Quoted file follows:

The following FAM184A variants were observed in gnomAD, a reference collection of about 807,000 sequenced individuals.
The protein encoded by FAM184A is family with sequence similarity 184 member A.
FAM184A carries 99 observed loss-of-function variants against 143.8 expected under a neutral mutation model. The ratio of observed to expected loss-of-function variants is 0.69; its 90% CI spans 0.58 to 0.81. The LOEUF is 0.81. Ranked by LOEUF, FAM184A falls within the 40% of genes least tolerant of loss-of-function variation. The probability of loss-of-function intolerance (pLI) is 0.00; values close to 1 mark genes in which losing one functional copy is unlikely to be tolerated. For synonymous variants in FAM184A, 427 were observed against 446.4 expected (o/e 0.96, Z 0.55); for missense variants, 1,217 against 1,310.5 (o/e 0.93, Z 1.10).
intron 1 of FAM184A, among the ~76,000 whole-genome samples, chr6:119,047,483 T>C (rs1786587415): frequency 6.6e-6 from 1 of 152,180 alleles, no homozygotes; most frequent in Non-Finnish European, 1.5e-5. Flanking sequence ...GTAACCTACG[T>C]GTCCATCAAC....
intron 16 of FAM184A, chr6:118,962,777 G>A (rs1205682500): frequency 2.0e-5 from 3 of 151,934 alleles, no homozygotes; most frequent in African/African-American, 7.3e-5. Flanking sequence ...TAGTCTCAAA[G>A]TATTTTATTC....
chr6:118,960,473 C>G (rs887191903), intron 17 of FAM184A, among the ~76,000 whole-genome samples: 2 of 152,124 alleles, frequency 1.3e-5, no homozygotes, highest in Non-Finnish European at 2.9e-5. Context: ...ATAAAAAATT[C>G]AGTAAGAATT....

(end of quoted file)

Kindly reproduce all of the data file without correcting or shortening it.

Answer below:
The following FAM184A variants were observed in gnomAD, a reference collection of about 807,000 sequenced individuals.
The protein encoded by FAM184A is family with sequence similarity 184 member A.
FAM184A carries 99 observed loss-of-function variants against 143.8 expected under a neutral mutation model. The ratio of observed to expected loss-of-function variants is 0.69; its 90% CI spans 0.58 to 0.81. The LOEUF is 0.81. Ranked by LOEUF, FAM184A falls within the 40% of genes least tolerant of loss-of-function variation. The probability of loss-of-function intolerance (pLI) is 0.00; values close to 1 mark genes in which losing one functional copy is unlikely to be tolerated. For synonymous variants in FAM184A, 427 were observed against 446.4 expected (o/e 0.96, Z 0.55); for missense variants, 1,217 against 1,310.5 (o/e 0.93, Z 1.10).
intron 1 of FAM184A, among the ~76,000 whole-genome samples, chr6:119,047,483 T>C (rs1786587415): frequency 6.6e-6 from 1 of 152,180 alleles, no homozygotes; most frequent in Non-Finnish European, 1.5e-5. Flanking sequence ...GTAACCTACG[T>C]GTCCATCAAC....
intron 16 of FAM184A, chr6:118,962,777 G>A (rs1205682500): frequency 2.0e-5 from 3 of 151,934 alleles, no homozygotes; most frequent in African/African-American, 7.3e-5. Flanking sequence ...TAGTCTCAAA[G>A]TATTTTATTC....
chr6:118,960,473 C>G (rs887191903), intron 17 of FAM184A, among the ~76,000 whole-genome samples: 2 of 152,124 alleles, frequency 1.3e-5, no homozygotes, highest in Non-Finnish European at 2.9e-5. Context: ...ATAAAAAATT[C>G]AGTAAGAATT....